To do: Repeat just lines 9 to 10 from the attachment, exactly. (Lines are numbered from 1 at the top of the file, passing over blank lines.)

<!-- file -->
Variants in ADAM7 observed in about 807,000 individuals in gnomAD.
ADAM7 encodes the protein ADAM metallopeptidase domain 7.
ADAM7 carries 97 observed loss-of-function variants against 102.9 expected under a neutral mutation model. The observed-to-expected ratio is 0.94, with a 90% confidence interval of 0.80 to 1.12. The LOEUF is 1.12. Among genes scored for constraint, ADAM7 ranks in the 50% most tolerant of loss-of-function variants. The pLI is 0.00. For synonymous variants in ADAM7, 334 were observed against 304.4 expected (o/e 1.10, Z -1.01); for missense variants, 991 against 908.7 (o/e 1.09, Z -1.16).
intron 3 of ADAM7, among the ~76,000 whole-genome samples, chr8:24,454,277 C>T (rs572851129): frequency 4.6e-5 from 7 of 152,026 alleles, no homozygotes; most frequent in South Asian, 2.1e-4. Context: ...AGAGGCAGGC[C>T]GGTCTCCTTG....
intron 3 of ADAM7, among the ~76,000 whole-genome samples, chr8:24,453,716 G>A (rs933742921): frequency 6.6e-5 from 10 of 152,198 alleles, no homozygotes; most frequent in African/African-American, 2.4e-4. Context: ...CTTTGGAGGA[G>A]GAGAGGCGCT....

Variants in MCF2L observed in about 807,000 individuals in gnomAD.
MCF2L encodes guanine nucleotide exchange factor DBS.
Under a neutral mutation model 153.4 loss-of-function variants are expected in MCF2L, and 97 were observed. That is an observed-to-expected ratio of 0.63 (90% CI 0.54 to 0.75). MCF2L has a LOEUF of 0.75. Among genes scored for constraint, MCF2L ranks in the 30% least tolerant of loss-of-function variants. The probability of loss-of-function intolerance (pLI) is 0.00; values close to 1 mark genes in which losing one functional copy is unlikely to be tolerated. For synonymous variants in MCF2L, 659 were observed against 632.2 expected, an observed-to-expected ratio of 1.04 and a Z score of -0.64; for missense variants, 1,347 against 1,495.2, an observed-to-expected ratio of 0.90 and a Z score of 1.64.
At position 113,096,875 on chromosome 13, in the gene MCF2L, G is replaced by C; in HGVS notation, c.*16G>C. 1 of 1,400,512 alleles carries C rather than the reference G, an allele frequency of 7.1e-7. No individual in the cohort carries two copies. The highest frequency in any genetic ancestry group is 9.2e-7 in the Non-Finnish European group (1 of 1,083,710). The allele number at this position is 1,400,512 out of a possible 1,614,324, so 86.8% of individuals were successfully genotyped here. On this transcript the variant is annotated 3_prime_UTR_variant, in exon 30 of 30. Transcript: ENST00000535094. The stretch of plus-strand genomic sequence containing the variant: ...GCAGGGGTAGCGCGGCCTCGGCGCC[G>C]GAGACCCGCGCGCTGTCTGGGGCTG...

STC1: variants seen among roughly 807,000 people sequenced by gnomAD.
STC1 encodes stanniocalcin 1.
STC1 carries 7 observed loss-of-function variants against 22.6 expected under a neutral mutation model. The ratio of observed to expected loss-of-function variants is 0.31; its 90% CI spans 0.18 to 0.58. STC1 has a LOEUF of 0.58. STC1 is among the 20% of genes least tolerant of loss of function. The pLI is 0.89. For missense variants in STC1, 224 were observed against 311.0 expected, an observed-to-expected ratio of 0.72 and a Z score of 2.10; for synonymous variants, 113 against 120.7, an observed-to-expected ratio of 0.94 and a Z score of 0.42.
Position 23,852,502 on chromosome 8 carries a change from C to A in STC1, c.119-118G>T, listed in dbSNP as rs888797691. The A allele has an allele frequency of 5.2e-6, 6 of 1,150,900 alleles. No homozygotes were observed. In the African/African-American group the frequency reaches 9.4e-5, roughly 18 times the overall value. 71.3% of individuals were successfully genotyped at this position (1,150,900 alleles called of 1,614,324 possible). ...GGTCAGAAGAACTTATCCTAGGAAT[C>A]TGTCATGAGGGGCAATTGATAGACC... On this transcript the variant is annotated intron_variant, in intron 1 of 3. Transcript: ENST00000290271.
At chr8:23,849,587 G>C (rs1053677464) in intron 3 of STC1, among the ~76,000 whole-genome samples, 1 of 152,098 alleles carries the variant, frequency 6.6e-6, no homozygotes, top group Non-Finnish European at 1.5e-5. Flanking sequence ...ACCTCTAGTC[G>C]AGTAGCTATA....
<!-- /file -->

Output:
At position 113,096,875 on chromosome 13, in the gene MCF2L, G is replaced by C; in HGVS notation, c.*16G>C. 1 of 1,400,512 alleles carries C rather than the reference G, an allele frequency of 7.1e-7. No individual in the cohort carries two copies. The highest frequency in any genetic ancestry group is 9.2e-7 in the Non-Finnish European group (1 of 1,083,710). The allele number at this position is 1,400,512 out of a possible 1,614,324, so 86.8% of individuals were successfully genotyped here. On this transcript the variant is annotated 3_prime_UTR_variant, in exon 30 of 30. Transcript: ENST00000535094. The stretch of plus-strand genomic sequence containing the variant: ...GCAGGGGTAGCGCGGCCTCGGCGCC[G>C]GAGACCCGCGCGCTGTCTGGGGCTG...

STC1: variants seen among roughly 807,000 people sequenced by gnomAD.